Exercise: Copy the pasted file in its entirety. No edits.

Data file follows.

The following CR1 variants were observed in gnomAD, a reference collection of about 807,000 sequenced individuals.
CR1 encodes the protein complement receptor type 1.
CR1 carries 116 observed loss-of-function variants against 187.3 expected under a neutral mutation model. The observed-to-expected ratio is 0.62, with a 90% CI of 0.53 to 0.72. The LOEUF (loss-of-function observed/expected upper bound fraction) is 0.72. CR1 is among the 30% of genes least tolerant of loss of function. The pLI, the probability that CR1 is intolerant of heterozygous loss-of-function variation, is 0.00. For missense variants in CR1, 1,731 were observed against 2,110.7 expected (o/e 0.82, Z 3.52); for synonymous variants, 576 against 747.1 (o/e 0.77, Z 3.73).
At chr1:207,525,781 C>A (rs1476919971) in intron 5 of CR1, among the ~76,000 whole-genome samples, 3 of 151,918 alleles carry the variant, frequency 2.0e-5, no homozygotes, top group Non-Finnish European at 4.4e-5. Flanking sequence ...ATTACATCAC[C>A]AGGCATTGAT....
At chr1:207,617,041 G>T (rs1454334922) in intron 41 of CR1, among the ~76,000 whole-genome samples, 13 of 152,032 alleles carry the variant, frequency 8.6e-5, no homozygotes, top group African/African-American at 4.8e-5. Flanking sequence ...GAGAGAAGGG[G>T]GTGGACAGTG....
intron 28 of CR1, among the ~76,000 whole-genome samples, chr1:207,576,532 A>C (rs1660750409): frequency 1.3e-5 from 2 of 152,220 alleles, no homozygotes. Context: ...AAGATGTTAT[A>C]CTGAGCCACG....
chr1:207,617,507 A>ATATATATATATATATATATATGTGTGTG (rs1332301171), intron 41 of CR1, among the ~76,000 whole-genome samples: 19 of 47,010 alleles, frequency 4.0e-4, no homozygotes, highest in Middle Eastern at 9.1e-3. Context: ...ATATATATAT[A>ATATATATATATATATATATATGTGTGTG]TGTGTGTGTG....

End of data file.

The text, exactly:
The following CR1 variants were observed in gnomAD, a reference collection of about 807,000 sequenced individuals.
CR1 encodes the protein complement receptor type 1.
CR1 carries 116 observed loss-of-function variants against 187.3 expected under a neutral mutation model. The observed-to-expected ratio is 0.62, with a 90% CI of 0.53 to 0.72. The LOEUF (loss-of-function observed/expected upper bound fraction) is 0.72. CR1 is among the 30% of genes least tolerant of loss of function. The pLI, the probability that CR1 is intolerant of heterozygous loss-of-function variation, is 0.00. For missense variants in CR1, 1,731 were observed against 2,110.7 expected (o/e 0.82, Z 3.52); for synonymous variants, 576 against 747.1 (o/e 0.77, Z 3.73).
At chr1:207,525,781 C>A (rs1476919971) in intron 5 of CR1, among the ~76,000 whole-genome samples, 3 of 151,918 alleles carry the variant, frequency 2.0e-5, no homozygotes, top group Non-Finnish European at 4.4e-5. Flanking sequence ...ATTACATCAC[C>A]AGGCATTGAT....
At chr1:207,617,041 G>T (rs1454334922) in intron 41 of CR1, among the ~76,000 whole-genome samples, 13 of 152,032 alleles carry the variant, frequency 8.6e-5, no homozygotes, top group African/African-American at 4.8e-5. Flanking sequence ...GAGAGAAGGG[G>T]GTGGACAGTG....
intron 28 of CR1, among the ~76,000 whole-genome samples, chr1:207,576,532 A>C (rs1660750409): frequency 1.3e-5 from 2 of 152,220 alleles, no homozygotes. Context: ...AAGATGTTAT[A>C]CTGAGCCACG....
chr1:207,617,507 A>ATATATATATATATATATATATGTGTGTG (rs1332301171), intron 41 of CR1, among the ~76,000 whole-genome samples: 19 of 47,010 alleles, frequency 4.0e-4, no homozygotes, highest in Middle Eastern at 9.1e-3. Context: ...ATATATATAT[A>ATATATATATATATATATATATGTGTGTG]TGTGTGTGTG....